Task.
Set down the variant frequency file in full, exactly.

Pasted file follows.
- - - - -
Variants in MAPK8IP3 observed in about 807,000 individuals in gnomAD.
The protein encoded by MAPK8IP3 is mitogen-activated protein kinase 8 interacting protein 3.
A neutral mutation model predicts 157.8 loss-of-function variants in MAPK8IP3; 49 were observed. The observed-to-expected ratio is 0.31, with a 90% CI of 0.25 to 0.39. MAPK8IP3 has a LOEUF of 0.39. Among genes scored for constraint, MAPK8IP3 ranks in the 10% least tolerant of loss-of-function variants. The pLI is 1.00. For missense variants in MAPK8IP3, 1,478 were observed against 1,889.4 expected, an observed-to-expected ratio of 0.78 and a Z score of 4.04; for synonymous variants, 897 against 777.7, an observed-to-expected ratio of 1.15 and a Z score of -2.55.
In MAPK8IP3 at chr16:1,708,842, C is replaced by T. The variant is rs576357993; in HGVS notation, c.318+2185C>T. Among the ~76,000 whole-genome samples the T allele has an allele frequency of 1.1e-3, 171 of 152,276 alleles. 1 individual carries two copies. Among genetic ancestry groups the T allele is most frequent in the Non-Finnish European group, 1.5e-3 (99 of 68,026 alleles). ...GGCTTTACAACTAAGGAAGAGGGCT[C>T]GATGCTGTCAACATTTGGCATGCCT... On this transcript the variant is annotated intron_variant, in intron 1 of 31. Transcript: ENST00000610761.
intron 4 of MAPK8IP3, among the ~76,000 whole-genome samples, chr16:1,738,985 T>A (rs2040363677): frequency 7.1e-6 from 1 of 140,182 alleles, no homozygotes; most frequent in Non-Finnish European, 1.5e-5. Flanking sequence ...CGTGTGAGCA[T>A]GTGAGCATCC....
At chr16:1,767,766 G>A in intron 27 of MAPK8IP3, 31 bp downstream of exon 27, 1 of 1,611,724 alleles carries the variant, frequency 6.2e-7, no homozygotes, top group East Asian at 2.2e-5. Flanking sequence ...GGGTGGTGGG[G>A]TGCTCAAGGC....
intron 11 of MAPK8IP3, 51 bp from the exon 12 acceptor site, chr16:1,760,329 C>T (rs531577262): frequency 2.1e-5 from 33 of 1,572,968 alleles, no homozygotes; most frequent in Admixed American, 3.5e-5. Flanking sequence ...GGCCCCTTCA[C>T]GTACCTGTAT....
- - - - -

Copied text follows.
Variants in MAPK8IP3 observed in about 807,000 individuals in gnomAD.
The protein encoded by MAPK8IP3 is mitogen-activated protein kinase 8 interacting protein 3.
A neutral mutation model predicts 157.8 loss-of-function variants in MAPK8IP3; 49 were observed. The observed-to-expected ratio is 0.31, with a 90% CI of 0.25 to 0.39. MAPK8IP3 has a LOEUF of 0.39. Among genes scored for constraint, MAPK8IP3 ranks in the 10% least tolerant of loss-of-function variants. The pLI is 1.00. For missense variants in MAPK8IP3, 1,478 were observed against 1,889.4 expected, an observed-to-expected ratio of 0.78 and a Z score of 4.04; for synonymous variants, 897 against 777.7, an observed-to-expected ratio of 1.15 and a Z score of -2.55.
In MAPK8IP3 at chr16:1,708,842, C is replaced by T. The variant is rs576357993; in HGVS notation, c.318+2185C>T. Among the ~76,000 whole-genome samples the T allele has an allele frequency of 1.1e-3, 171 of 152,276 alleles. 1 individual carries two copies. Among genetic ancestry groups the T allele is most frequent in the Non-Finnish European group, 1.5e-3 (99 of 68,026 alleles). ...GGCTTTACAACTAAGGAAGAGGGCT[C>T]GATGCTGTCAACATTTGGCATGCCT... On this transcript the variant is annotated intron_variant, in intron 1 of 31. Transcript: ENST00000610761.
intron 4 of MAPK8IP3, among the ~76,000 whole-genome samples, chr16:1,738,985 T>A (rs2040363677): frequency 7.1e-6 from 1 of 140,182 alleles, no homozygotes; most frequent in Non-Finnish European, 1.5e-5. Flanking sequence ...CGTGTGAGCA[T>A]GTGAGCATCC....
At chr16:1,767,766 G>A in intron 27 of MAPK8IP3, 31 bp downstream of exon 27, 1 of 1,611,724 alleles carries the variant, frequency 6.2e-7, no homozygotes, top group East Asian at 2.2e-5. Flanking sequence ...GGGTGGTGGG[G>A]TGCTCAAGGC....
intron 11 of MAPK8IP3, 51 bp from the exon 12 acceptor site, chr16:1,760,329 C>T (rs531577262): frequency 2.1e-5 from 33 of 1,572,968 alleles, no homozygotes; most frequent in Admixed American, 3.5e-5. Flanking sequence ...GGCCCCTTCA[C>T]GTACCTGTAT....